CCP is occasionally asked and often criticized regarding our position on disclosure of contributions in the political world. As we’ve made clear in the past, there may be some benefit to the disclosure of contributions made directly to political candidates and parties, as well as those made to entities that themselves contribute directly to candidates and parties.
As for disclosure in other areas, we generally regard the benefits as minimal and the costs as high. This morning I stumbled across a news story a few months old that demonstrate exactly why we’re not fans of disclosure outside of the candidate-related realm. From the online version of the San Francisco Chronicle, circa July 19 of this year:
Labor play: San Francisco labor leaders are asking House Speaker Nancy Pelosi to put the squeeze on the main backer of a measure headed for the city’s November ballot that would change the public worker pension system.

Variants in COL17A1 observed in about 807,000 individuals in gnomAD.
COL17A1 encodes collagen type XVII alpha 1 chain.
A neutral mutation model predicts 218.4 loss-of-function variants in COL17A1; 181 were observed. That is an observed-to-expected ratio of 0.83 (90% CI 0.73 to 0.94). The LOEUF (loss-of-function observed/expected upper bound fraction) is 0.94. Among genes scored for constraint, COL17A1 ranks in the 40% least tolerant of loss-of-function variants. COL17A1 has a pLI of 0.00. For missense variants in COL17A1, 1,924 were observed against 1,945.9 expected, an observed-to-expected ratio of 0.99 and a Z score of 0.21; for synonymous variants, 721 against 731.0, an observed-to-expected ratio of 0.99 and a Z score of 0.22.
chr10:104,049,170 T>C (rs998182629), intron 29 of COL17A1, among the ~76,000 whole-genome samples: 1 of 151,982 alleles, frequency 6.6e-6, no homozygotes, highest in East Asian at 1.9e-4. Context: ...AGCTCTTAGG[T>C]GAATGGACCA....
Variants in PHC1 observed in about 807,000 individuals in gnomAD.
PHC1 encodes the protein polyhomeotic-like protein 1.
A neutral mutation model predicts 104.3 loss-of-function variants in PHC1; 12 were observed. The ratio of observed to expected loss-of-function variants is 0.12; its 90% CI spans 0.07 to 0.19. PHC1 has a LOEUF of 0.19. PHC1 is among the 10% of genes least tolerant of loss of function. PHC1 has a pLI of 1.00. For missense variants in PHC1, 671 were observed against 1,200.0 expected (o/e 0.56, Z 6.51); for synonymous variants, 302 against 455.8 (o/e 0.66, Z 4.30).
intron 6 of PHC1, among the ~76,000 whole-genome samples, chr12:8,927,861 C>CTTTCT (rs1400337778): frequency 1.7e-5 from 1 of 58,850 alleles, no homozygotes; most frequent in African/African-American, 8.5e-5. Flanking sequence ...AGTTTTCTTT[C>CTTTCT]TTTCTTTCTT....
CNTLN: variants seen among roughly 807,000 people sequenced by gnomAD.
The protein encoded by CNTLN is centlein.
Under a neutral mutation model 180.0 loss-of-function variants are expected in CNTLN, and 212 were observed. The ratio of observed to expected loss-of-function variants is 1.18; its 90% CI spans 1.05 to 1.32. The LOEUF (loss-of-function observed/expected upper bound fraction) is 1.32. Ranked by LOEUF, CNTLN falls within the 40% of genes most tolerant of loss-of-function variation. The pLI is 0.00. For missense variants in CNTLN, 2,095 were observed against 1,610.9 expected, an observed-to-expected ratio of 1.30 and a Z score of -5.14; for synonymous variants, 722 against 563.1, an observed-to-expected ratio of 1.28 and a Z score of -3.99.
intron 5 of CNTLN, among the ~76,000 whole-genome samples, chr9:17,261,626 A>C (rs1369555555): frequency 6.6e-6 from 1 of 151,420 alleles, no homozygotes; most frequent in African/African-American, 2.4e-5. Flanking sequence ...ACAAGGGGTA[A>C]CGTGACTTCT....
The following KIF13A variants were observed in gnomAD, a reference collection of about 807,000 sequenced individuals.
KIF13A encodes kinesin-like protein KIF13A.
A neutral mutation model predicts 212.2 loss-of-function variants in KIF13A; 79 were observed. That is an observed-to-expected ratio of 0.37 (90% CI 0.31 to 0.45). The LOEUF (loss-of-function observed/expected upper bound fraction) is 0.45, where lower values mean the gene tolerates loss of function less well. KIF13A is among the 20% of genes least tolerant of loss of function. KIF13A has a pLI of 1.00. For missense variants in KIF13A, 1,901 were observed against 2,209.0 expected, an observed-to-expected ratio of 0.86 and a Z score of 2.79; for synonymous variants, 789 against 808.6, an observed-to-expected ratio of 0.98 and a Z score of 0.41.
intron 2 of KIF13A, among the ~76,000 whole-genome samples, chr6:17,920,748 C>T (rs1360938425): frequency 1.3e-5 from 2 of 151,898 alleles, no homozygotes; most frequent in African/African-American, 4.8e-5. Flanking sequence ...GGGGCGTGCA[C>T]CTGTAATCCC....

The target: British-born billionaire venture capitalist Michael Moritz. He and his wife, Harriet Heyman, have contributed $245,000 to help qualify the initiative being put forth by San Francisco Public Defender Jeff Adachi.
…The labor play: a forthcoming resolution asking Pelosi to oppose any federal funding to companies owned by Moritz’s venture capital firm, Sequoia Capital. Labor leaders estimate that Sequoia-backed businesses have received no less than $250 million in federal contracts, mostly through the Energy Department.